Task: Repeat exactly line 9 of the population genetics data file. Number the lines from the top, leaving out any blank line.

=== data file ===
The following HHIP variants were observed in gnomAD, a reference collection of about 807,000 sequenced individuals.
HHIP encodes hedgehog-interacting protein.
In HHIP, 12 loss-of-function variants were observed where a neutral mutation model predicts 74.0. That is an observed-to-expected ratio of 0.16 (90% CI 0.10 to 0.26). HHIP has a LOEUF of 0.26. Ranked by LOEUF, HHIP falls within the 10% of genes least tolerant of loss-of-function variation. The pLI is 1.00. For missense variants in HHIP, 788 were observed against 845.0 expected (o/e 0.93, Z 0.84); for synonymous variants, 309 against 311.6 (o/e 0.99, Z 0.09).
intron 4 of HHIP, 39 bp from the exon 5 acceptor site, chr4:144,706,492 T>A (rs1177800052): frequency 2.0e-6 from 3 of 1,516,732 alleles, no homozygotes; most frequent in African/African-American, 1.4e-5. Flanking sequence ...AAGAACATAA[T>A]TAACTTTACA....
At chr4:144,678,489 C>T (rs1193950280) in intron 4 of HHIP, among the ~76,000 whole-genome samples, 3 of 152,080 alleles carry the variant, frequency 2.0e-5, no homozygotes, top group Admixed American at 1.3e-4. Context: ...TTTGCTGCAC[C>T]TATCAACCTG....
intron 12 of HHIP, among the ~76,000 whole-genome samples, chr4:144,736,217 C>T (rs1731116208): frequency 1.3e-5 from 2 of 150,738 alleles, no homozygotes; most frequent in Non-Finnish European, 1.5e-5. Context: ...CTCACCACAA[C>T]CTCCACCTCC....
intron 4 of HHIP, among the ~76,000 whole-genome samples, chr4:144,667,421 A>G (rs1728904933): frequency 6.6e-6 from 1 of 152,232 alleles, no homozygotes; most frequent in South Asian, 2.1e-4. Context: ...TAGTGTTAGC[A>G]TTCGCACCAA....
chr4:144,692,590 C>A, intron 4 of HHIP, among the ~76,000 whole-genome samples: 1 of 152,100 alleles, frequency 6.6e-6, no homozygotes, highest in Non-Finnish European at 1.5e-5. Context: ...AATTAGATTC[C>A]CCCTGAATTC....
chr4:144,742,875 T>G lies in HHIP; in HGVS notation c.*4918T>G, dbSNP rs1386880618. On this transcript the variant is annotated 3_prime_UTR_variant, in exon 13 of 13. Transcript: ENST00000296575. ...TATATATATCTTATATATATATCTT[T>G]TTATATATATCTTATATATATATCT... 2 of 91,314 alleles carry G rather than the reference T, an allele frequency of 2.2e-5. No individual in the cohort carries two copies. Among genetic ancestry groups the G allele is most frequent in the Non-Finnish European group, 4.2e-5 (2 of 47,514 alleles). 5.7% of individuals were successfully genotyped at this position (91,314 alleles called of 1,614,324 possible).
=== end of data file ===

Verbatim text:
chr4:144,742,875 T>G lies in HHIP; in HGVS notation c.*4918T>G, dbSNP rs1386880618. On this transcript the variant is annotated 3_prime_UTR_variant, in exon 13 of 13. Transcript: ENST00000296575. ...TATATATATCTTATATATATATCTT[T>G]TTATATATATCTTATATATATATCT... 2 of 91,314 alleles carry G rather than the reference T, an allele frequency of 2.2e-5. No individual in the cohort carries two copies. Among genetic ancestry groups the G allele is most frequent in the Non-Finnish European group, 4.2e-5 (2 of 47,514 alleles). 5.7% of individuals were successfully genotyped at this position (91,314 alleles called of 1,614,324 possible).